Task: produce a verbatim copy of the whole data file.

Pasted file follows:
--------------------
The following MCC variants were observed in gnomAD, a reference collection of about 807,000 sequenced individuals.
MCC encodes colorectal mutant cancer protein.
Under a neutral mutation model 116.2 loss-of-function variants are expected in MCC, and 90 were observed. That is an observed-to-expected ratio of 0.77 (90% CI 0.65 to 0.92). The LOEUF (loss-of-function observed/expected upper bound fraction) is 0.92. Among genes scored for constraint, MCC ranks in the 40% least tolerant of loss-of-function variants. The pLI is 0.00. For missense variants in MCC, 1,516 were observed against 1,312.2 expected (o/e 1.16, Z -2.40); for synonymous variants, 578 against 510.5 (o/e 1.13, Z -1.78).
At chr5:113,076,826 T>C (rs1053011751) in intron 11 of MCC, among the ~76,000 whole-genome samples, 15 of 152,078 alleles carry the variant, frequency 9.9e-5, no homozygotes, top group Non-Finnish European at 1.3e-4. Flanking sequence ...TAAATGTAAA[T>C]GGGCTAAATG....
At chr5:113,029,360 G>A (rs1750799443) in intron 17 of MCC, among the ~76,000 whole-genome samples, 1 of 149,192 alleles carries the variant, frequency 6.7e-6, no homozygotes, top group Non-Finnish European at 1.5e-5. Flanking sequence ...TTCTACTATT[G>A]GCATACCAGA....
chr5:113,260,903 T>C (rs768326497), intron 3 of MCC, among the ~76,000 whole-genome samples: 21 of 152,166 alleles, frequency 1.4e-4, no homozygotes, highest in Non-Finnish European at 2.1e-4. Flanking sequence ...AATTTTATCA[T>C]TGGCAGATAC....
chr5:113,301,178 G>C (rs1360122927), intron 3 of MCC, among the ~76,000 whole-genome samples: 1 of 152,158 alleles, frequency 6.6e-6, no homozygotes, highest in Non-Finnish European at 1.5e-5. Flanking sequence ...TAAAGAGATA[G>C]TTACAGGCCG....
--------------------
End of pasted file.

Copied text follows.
The following MCC variants were observed in gnomAD, a reference collection of about 807,000 sequenced individuals.
MCC encodes colorectal mutant cancer protein.
Under a neutral mutation model 116.2 loss-of-function variants are expected in MCC, and 90 were observed. That is an observed-to-expected ratio of 0.77 (90% CI 0.65 to 0.92). The LOEUF (loss-of-function observed/expected upper bound fraction) is 0.92. Among genes scored for constraint, MCC ranks in the 40% least tolerant of loss-of-function variants. The pLI is 0.00. For missense variants in MCC, 1,516 were observed against 1,312.2 expected (o/e 1.16, Z -2.40); for synonymous variants, 578 against 510.5 (o/e 1.13, Z -1.78).
At chr5:113,076,826 T>C (rs1053011751) in intron 11 of MCC, among the ~76,000 whole-genome samples, 15 of 152,078 alleles carry the variant, frequency 9.9e-5, no homozygotes, top group Non-Finnish European at 1.3e-4. Flanking sequence ...TAAATGTAAA[T>C]GGGCTAAATG....
At chr5:113,029,360 G>A (rs1750799443) in intron 17 of MCC, among the ~76,000 whole-genome samples, 1 of 149,192 alleles carries the variant, frequency 6.7e-6, no homozygotes, top group Non-Finnish European at 1.5e-5. Flanking sequence ...TTCTACTATT[G>A]GCATACCAGA....
chr5:113,260,903 T>C (rs768326497), intron 3 of MCC, among the ~76,000 whole-genome samples: 21 of 152,166 alleles, frequency 1.4e-4, no homozygotes, highest in Non-Finnish European at 2.1e-4. Flanking sequence ...AATTTTATCA[T>C]TGGCAGATAC....
chr5:113,301,178 G>C (rs1360122927), intron 3 of MCC, among the ~76,000 whole-genome samples: 1 of 152,158 alleles, frequency 6.6e-6, no homozygotes, highest in Non-Finnish European at 1.5e-5. Flanking sequence ...TAAAGAGATA[G>C]TTACAGGCCG....